Your local school districts have recently completed their annual task of putting together a spending plan. Guess what? That’s right, taxes are going up.
There are 60 school districts in the suburbs of Delaware, Montgomery, Chester and Bucks counties. In 53 of them, their recently completed budgets for the 2019-20 fiscal year call for a tax hike, according to a recent review performed by the Philadelphia Inquirer.
In the vaunted Wallingford-Swarthmore School District here in Delaware County, the average annual school tax tab for home owners now tops $8,000. Next year’s bill includes a tax hike of $261.
This is not a new scenario. It stems from an old problem. Pennsylvania relies on local property taxes for the bulk of public education funding. Add into that years of the state failing woefully to meet its mandate of providing a 50 percent share of education funding, and you are on your way to a sea of red ink.
Limited in where they can turn for savings, and under heat from residents not to cut programming or staff, local school boards routinely turn to their bread and butter, hiking taxes on home owners.
Add in the recent spikes in mandates costs related to public school pension plans, charters school costs, and special education outlays, and you have the makings of an accountant’s nightmare.
Exacerbating the problem is an outdated method Pennsylvania uses to allocate education funding. It hasn’t been updated in decades, and as a result is wildly out of kilter with reality. The effect is a system that continues to reward many wealthy and well-to-do districts with funding based on outdated enrollment figures and other data, to the detriment of less wealthy districts.
Those schools in poorer areas, often with deteriorating or depressed economies, are caught in a wicked circle in which their tax increases do not raise the revenue of similar levies in nearby more well-to-do districts.
The result is an unven, blatantly unfair system that too often penalizes students for no reason other than their zip codes.
A Fair Funding Formula, created by the Legislature several years ago, was supposed to fix these inequities in the distribution of state funding. But it contains a tragic flaw. It relies only to new education outlays, not the existing basic subsidies.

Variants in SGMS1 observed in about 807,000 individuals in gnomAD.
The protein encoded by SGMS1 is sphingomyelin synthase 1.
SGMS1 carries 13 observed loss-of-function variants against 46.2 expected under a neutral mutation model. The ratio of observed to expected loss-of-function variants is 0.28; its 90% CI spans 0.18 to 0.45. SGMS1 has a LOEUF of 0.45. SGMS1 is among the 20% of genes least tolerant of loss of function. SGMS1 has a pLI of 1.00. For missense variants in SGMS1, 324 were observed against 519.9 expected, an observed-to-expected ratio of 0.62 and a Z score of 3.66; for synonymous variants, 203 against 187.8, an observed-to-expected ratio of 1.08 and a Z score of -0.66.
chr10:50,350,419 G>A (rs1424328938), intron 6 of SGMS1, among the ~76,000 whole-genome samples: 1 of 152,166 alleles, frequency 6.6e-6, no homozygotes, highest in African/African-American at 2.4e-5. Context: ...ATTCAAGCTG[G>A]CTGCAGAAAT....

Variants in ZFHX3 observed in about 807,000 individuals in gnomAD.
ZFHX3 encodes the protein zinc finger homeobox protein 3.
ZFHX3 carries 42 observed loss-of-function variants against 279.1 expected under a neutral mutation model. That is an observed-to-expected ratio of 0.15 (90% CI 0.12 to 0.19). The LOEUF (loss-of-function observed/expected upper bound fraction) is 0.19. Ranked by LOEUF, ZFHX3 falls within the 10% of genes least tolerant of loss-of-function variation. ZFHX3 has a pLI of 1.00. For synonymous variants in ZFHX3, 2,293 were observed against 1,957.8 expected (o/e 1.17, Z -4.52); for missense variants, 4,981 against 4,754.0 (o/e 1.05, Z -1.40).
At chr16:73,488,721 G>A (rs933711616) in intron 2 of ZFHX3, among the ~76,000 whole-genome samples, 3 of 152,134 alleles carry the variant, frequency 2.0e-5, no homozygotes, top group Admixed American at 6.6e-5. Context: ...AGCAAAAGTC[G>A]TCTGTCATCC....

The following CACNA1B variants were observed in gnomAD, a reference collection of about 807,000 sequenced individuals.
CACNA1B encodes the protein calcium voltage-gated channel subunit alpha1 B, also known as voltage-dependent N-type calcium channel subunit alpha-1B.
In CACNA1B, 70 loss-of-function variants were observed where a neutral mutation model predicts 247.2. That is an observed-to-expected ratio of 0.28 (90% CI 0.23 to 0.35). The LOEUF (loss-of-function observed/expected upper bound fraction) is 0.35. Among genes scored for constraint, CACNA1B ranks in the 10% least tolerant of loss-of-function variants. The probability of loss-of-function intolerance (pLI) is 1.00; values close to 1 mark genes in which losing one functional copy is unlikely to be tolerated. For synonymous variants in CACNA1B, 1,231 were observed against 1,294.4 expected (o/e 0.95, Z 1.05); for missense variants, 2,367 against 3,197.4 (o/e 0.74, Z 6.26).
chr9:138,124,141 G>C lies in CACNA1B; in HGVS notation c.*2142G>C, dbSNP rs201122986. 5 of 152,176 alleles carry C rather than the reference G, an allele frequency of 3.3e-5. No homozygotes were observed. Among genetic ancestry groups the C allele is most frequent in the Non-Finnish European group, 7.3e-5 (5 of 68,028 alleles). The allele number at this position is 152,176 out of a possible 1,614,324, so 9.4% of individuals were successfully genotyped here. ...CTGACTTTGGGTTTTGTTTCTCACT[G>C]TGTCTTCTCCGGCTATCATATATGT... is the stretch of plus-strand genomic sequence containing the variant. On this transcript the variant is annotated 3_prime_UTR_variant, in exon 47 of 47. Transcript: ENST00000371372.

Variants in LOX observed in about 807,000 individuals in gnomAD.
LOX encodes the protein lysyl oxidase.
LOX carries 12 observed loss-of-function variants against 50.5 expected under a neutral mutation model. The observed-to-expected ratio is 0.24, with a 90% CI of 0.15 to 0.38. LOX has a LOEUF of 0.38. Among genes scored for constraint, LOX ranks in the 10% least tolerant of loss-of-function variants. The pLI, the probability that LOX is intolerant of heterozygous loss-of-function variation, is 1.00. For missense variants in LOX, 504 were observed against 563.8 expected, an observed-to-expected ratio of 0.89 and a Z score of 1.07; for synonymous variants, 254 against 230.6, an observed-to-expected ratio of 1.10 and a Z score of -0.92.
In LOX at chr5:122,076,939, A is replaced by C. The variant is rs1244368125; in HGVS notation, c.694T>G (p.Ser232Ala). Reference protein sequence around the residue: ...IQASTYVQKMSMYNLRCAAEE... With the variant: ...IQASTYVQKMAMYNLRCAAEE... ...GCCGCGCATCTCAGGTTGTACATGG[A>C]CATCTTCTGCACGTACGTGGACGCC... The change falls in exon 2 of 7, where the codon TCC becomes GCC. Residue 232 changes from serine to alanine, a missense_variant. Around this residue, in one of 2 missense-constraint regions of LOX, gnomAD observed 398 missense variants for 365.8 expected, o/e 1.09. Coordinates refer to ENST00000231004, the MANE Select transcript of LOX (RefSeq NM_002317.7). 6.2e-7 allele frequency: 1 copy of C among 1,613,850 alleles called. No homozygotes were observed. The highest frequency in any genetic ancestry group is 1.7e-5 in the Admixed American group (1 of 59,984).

It’s gotten so bad that several families, including one from William Penn here in Delaware County, have taken the state to court challenging the formula. They are expected to have their day in court next year.
In the meantime, harried local school board members continue this perilous dance with the public’s money.
And they inevitably point to a familiar villain: A state that has failed to pay its share of the tab, coupled with mandates that have become an albatross around the necks of home owners.
Any number of attempts to remove the property tax as the main building block of education funding have gone nowhere.
Gov. Tom Wolf, who rode to the Governor’s Mansion five years ago on a pledge to roll back the education funding cuts that that hit during the administration of Republican Gov. Tom Corbett, actually suggested a combination of increases in both the state personal and income taxes. Anti-tax Republicans in the Legislature almost laughed themselves silly.
Among those most heavily burdened by property taxes are the state’s senior citizens. But they are less than thrilled with a current proposal to replace the property tax. Rep. Frank Ryan, R-Lebanon, is sponsoring legislation that would tax retirement income, as well as food and clothes.
As you can imagine, a lot of seniors see this as trading one evil – the property tax – for another.
The problem with years of proposals to replace the hated property tax – and the same sad dirge of senior citizens, who no longer have children in the system, literally being taxed out of their homes – remains the same. It’s very hard to make the numbers add up. Property taxes raise $15 billion for public education every year.
Yeah, that’s a nice chunk of change. Most ideas – such as replacing property taxes with increases in the sales and personal income taxes, come up short on the math.
Ryan suggests slapping what amounts to a tax on retirement plan withdrawals, 4.92 percnet, with 3.07 percent going to the state and 1.85 percent to the local school district. Social Security benefits would be excluded.
Ryan also would enact a 2 percent increase in the state sales tax, and expand it to include levies on food and clothing that are currently exempt.
Even with property tax increases that are growing at a rate of $500 million a year, a new study suggests more than half the state’s 501 school districts could find themselves in financial crisis within five years.
Ryan suggests the state’s senior citizens, who currently are on the hook for $3.4 billion in property taxes, would pay $1.5 billion under his plan, saving $2 billion in the process.
Too many of the state’s public school districts are inching perilously close to the breaking point.
This year’s round of tax hikes pushes that boulder closer to the top, and hurtling down the other side, a potential catastrophic collapse of public education in the state.
School districts need answers – and quickly. They can start by making the Fair Funding Formula applicable to all education funding.
And then consider every possibility after that.